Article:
Dissertation - NSU Access Only
Doctor of Philosophy (PhD) in Physical Therapy
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College of Health Care Sciences - Physical Therapy Department
Publication Date / Copyright Date
Nova Southeastern University. College of Health Care Sciences.
Jennifer Canbek. 2011. Understanding Clinically Meaningful Change in Walking and Balance Ability for Patients Undergoing Inpatient Physical Therapy after Stroke. Doctoral dissertation. Nova Southeastern University. Retrieved from NSUWorks, College of Health Care Sciences - Physical Therapy Department. (47)
Background: Stroke is the leading cause of disability in the United States. Physical therapists treating patients post acute stroke use measurement tools specifically designed to measure gait and balance ability. People with sub-acute stroke typically have rapid and large changes in gait and balance ability while undergoing inpatient physical therapy. There is a lack of information about how much change in gait speed is needed in hospitalized people with sub-acute stroke to be considered an important amount. There is no information regarding the validity, and reliability of the Tinetti Performance Oriented Mobility Assessment (POMA) to measure balance ability in people with stroke or how much change is needed to be important to people in the sub acute phases of stroke. Objective: The purpose of this study was to 1) estimate minimal clinically important difference (MCID) for comfortable gait speed in persons who have experienced stroke and are undergoing inpatient physical therapy using 3 different anchors of change; 2) estimate minimal clinically important difference (MCID) for Tinetti POMA in persons who have experienced stroke and are undergoing inpatient physical therapy using 3 different anchors of change; 3) determine the test retest reliability and minimal detectable change (MDC) for the Tinetti POMA; and 4) explore the construct validity of the Tinetti POMA for use in people with stroke undergoing inpatient physical therapy. Study Design: This study was a prospective, longitudinal study, which followed a cohort of patients who were undergoing inpatient physical therapy post acute stroke. Methods: Participants were recruited if they had a first documented stroke and were receiving physical therapy during inpatient rehabilitation. Participants were excluded from the study if they had a history of a previous stroke, were medically unstable, were non-English speaking or were unable to walk without assistance prior to the current stroke event. Comfortable gait speed measured by a 5-meter walk test, Tinetti POMA scores and motor Functional Independence Measure (FIMTM) scores were collected at admission to and discharge from inpatient rehabilitation. To determine test re-test reliability, two trials of comfortable gait speed were administered during the same treatment session and two trials of Tinetti POMA were performed one day apart. Global Rating of Change (GROC) scores were collected at discharge from inpatient rehabilitation. A score of 6 (¡°a great deal better, an important amount¡±) on a Global Rating of Change scale and achievement of ¡Ý17 point change on the motor FIM was used to dichotomize participants into those who had important change in walking and balance ability and those who did not. Receiver operator characteristic (ROC) curves were constructed to estimate important change values for gait speed using the three anchors. Effect Size (ES) index was used to determine the responsiveness of gait speed and the Tinetti POMA, Intraclass Correlation Coefficient (ICC2,1) was used to determine test re-test reliability and MDC values for gait speed and Tinetti POMA and Spearman¡¯s Rho (rs) was used to explore the construct validity of the Tinetti POMA. Results: The participants in this study were 43 people with average age of 76¡À11 years who had experienced first documented stroke, began inpatient physical therapy at a mean of 8¡À5 days post stroke and were discharged from the hospital at an average of 38¡À11 days post stroke. The mean length of stay for all participants was 23¡À11 days. MCID of comfortable gait speed was estimated to be 0.24 m/s (AUC= 0.644 , sn/sp=66%/64%, LR+=1.83, LR-0.54) anchored to motor FIM change scores. Test re-test reliability of gait speed was ICC2,1=0.931 at admission and ICC2,1=0.987 at discharge. MDC of comfortable gait speed was 0.12 m/s at admission and 0.08 m/s at discharge. MCID of the Tinetti POMA was 7 points (AUC=0.743, sn/sp=79%/64%, LR+=2.18, LR-=0.32) anchored to motor FIM change. Test re-test reliability of the Tinetti POMA was ICC2,1 0.859 and MDC was 5 points. Tinetti POMA scores were moderately correlated to motor FIM and gait speed scores at admission (rs=0.74 and 0.67) and discharge (rs=0.60 and 0.76) to gait speed and motor FIM scores. Conclusions: People with stroke who experience a 7 point change on the Tinetti POMA during inpatient rehabilitation are likely to experience an important change in functional mobility. The Tinetti POMA demonstrates validity and reliability to measure balance ability people with stroke. More research is needed to estimate meaningful change people with sub-acute stroke using larger cohorts with similar characteristics.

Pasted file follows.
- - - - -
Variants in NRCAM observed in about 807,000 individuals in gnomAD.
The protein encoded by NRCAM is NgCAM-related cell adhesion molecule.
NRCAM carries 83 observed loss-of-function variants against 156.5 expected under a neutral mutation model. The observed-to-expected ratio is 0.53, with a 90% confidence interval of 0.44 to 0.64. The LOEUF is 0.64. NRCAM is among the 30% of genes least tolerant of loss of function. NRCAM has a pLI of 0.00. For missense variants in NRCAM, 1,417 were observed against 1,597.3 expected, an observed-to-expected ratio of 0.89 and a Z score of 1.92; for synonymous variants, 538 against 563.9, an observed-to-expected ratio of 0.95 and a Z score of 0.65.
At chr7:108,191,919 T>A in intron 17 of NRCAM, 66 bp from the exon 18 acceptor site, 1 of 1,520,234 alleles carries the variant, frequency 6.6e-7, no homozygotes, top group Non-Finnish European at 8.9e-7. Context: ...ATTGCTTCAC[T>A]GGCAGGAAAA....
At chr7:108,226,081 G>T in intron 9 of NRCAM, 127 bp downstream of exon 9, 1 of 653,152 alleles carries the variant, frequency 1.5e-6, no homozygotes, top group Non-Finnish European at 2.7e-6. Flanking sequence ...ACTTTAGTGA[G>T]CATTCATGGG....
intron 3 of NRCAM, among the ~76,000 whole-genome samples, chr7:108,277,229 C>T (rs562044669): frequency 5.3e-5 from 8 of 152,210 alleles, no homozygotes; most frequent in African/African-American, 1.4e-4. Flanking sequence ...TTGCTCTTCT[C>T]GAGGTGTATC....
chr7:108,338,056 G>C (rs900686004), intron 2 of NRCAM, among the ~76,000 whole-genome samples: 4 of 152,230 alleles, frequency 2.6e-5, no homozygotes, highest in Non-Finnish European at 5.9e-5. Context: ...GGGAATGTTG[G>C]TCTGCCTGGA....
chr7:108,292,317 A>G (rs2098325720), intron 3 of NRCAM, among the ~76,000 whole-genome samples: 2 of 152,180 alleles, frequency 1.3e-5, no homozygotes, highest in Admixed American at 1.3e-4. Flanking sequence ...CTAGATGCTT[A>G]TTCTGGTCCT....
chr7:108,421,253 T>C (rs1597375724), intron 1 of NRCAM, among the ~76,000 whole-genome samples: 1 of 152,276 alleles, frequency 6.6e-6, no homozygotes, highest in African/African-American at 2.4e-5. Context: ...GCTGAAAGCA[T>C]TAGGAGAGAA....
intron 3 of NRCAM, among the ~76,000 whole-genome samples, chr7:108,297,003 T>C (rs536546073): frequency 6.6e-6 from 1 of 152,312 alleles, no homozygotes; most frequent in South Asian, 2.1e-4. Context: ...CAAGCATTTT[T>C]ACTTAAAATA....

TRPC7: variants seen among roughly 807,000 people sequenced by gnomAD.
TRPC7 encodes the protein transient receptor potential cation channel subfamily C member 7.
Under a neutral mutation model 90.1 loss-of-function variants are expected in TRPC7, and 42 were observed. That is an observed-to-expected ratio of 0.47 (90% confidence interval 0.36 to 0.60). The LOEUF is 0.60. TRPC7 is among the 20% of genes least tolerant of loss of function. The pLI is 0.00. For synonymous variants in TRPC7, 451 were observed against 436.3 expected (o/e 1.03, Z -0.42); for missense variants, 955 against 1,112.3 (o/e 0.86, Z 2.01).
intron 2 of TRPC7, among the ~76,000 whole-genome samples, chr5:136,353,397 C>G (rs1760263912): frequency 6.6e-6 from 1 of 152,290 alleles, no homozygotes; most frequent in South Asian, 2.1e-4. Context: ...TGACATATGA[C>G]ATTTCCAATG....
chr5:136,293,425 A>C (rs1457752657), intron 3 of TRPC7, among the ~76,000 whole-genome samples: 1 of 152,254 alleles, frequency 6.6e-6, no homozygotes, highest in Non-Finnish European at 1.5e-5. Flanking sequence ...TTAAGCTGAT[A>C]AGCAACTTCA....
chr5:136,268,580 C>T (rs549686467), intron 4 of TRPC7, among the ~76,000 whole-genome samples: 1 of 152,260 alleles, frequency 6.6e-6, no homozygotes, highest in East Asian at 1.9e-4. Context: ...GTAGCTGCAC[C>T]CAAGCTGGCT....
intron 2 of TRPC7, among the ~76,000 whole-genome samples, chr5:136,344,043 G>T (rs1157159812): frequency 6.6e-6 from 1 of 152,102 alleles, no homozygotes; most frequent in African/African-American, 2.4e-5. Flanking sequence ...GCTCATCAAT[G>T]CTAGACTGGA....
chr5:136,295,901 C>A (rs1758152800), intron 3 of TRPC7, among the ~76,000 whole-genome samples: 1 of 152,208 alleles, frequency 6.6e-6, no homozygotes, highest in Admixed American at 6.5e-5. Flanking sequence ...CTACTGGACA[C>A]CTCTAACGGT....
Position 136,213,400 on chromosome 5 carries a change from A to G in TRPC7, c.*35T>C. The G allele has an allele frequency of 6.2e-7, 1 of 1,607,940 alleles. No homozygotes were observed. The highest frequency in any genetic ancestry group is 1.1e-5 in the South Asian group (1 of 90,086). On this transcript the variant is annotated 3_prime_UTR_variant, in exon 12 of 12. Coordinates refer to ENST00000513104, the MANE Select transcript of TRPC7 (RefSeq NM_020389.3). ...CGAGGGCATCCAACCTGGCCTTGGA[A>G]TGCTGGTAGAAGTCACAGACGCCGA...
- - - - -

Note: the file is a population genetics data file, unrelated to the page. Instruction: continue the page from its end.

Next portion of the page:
Health and environmental sciences, Clinically meaningful change, Gait speed, Minimal clinically important difference, Physical therapy, Stroke, Tinetti poma